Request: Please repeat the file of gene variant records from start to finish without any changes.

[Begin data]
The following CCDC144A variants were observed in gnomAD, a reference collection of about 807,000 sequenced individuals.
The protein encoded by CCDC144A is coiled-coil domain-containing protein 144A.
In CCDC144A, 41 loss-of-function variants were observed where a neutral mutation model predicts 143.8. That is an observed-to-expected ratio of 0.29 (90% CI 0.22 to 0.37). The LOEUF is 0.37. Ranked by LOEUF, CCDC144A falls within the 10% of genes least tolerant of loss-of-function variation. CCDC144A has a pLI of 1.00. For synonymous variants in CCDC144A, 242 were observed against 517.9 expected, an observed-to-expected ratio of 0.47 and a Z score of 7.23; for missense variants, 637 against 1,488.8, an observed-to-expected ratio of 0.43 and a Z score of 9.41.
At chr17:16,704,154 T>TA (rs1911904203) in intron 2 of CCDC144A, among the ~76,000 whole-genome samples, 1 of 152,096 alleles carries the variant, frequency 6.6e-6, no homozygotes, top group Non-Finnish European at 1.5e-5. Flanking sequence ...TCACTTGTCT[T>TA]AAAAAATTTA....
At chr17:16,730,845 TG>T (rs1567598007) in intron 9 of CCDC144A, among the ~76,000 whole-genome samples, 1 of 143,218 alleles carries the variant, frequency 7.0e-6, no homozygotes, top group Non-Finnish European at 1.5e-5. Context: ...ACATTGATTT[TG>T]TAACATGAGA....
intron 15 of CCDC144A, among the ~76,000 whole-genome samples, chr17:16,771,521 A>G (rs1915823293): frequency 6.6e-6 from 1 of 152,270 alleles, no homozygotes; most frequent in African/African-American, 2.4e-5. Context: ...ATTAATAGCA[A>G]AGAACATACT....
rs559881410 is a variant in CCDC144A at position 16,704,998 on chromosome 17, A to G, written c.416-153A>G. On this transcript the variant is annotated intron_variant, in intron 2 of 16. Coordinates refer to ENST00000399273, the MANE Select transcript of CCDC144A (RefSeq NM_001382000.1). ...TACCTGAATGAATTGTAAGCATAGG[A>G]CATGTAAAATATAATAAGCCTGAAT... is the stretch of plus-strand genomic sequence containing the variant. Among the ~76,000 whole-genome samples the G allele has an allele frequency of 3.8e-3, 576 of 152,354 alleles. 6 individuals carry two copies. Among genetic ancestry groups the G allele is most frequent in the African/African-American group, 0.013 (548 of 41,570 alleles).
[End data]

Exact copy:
The following CCDC144A variants were observed in gnomAD, a reference collection of about 807,000 sequenced individuals.
The protein encoded by CCDC144A is coiled-coil domain-containing protein 144A.
In CCDC144A, 41 loss-of-function variants were observed where a neutral mutation model predicts 143.8. That is an observed-to-expected ratio of 0.29 (90% CI 0.22 to 0.37). The LOEUF is 0.37. Ranked by LOEUF, CCDC144A falls within the 10% of genes least tolerant of loss-of-function variation. CCDC144A has a pLI of 1.00. For synonymous variants in CCDC144A, 242 were observed against 517.9 expected, an observed-to-expected ratio of 0.47 and a Z score of 7.23; for missense variants, 637 against 1,488.8, an observed-to-expected ratio of 0.43 and a Z score of 9.41.
At chr17:16,704,154 T>TA (rs1911904203) in intron 2 of CCDC144A, among the ~76,000 whole-genome samples, 1 of 152,096 alleles carries the variant, frequency 6.6e-6, no homozygotes, top group Non-Finnish European at 1.5e-5. Flanking sequence ...TCACTTGTCT[T>TA]AAAAAATTTA....
At chr17:16,730,845 TG>T (rs1567598007) in intron 9 of CCDC144A, among the ~76,000 whole-genome samples, 1 of 143,218 alleles carries the variant, frequency 7.0e-6, no homozygotes, top group Non-Finnish European at 1.5e-5. Context: ...ACATTGATTT[TG>T]TAACATGAGA....
intron 15 of CCDC144A, among the ~76,000 whole-genome samples, chr17:16,771,521 A>G (rs1915823293): frequency 6.6e-6 from 1 of 152,270 alleles, no homozygotes; most frequent in African/African-American, 2.4e-5. Context: ...ATTAATAGCA[A>G]AGAACATACT....
rs559881410 is a variant in CCDC144A at position 16,704,998 on chromosome 17, A to G, written c.416-153A>G. On this transcript the variant is annotated intron_variant, in intron 2 of 16. Coordinates refer to ENST00000399273, the MANE Select transcript of CCDC144A (RefSeq NM_001382000.1). ...TACCTGAATGAATTGTAAGCATAGG[A>G]CATGTAAAATATAATAAGCCTGAAT... is the stretch of plus-strand genomic sequence containing the variant. Among the ~76,000 whole-genome samples the G allele has an allele frequency of 3.8e-3, 576 of 152,354 alleles. 6 individuals carry two copies. Among genetic ancestry groups the G allele is most frequent in the African/African-American group, 0.013 (548 of 41,570 alleles).